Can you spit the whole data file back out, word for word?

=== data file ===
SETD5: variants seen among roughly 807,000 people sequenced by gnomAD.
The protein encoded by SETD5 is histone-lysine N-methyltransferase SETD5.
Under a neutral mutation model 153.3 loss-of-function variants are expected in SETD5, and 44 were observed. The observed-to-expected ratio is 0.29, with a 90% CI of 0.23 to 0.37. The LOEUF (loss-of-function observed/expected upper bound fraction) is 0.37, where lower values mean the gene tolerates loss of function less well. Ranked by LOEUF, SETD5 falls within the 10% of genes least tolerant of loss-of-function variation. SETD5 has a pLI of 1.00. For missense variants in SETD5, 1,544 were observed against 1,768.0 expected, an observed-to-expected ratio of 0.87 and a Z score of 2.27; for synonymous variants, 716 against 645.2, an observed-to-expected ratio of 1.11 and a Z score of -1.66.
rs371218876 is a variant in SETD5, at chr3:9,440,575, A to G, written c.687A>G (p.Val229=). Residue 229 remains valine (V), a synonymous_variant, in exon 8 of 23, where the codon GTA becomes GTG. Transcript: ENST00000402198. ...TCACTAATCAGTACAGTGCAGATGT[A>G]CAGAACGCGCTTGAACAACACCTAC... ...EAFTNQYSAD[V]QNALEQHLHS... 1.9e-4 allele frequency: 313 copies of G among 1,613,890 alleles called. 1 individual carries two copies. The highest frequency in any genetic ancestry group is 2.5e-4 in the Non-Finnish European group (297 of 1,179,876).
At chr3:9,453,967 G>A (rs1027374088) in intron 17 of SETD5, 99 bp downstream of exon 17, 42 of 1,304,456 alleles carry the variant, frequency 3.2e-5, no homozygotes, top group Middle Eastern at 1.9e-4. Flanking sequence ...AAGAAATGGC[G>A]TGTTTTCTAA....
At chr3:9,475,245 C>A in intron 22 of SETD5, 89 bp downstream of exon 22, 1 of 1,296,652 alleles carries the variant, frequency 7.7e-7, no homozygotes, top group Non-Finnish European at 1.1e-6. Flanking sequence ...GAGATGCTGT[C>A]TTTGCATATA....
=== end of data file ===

SETD5: variants seen among roughly 807,000 people sequenced by gnomAD.
The protein encoded by SETD5 is histone-lysine N-methyltransferase SETD5.
Under a neutral mutation model 153.3 loss-of-function variants are expected in SETD5, and 44 were observed. The observed-to-expected ratio is 0.29, with a 90% CI of 0.23 to 0.37. The LOEUF (loss-of-function observed/expected upper bound fraction) is 0.37, where lower values mean the gene tolerates loss of function less well. Ranked by LOEUF, SETD5 falls within the 10% of genes least tolerant of loss-of-function variation. SETD5 has a pLI of 1.00. For missense variants in SETD5, 1,544 were observed against 1,768.0 expected, an observed-to-expected ratio of 0.87 and a Z score of 2.27; for synonymous variants, 716 against 645.2, an observed-to-expected ratio of 1.11 and a Z score of -1.66.
rs371218876 is a variant in SETD5, at chr3:9,440,575, A to G, written c.687A>G (p.Val229=). Residue 229 remains valine (V), a synonymous_variant, in exon 8 of 23, where the codon GTA becomes GTG. Transcript: ENST00000402198. ...TCACTAATCAGTACAGTGCAGATGT[A>G]CAGAACGCGCTTGAACAACACCTAC... ...EAFTNQYSAD[V]QNALEQHLHS... 1.9e-4 allele frequency: 313 copies of G among 1,613,890 alleles called. 1 individual carries two copies. The highest frequency in any genetic ancestry group is 2.5e-4 in the Non-Finnish European group (297 of 1,179,876).
At chr3:9,453,967 G>A (rs1027374088) in intron 17 of SETD5, 99 bp downstream of exon 17, 42 of 1,304,456 alleles carry the variant, frequency 3.2e-5, no homozygotes, top group Middle Eastern at 1.9e-4. Flanking sequence ...AAGAAATGGC[G>A]TGTTTTCTAA....
At chr3:9,475,245 C>A in intron 22 of SETD5, 89 bp downstream of exon 22, 1 of 1,296,652 alleles carries the variant, frequency 7.7e-7, no homozygotes, top group Non-Finnish European at 1.1e-6. Flanking sequence ...GAGATGCTGT[C>A]TTTGCATATA....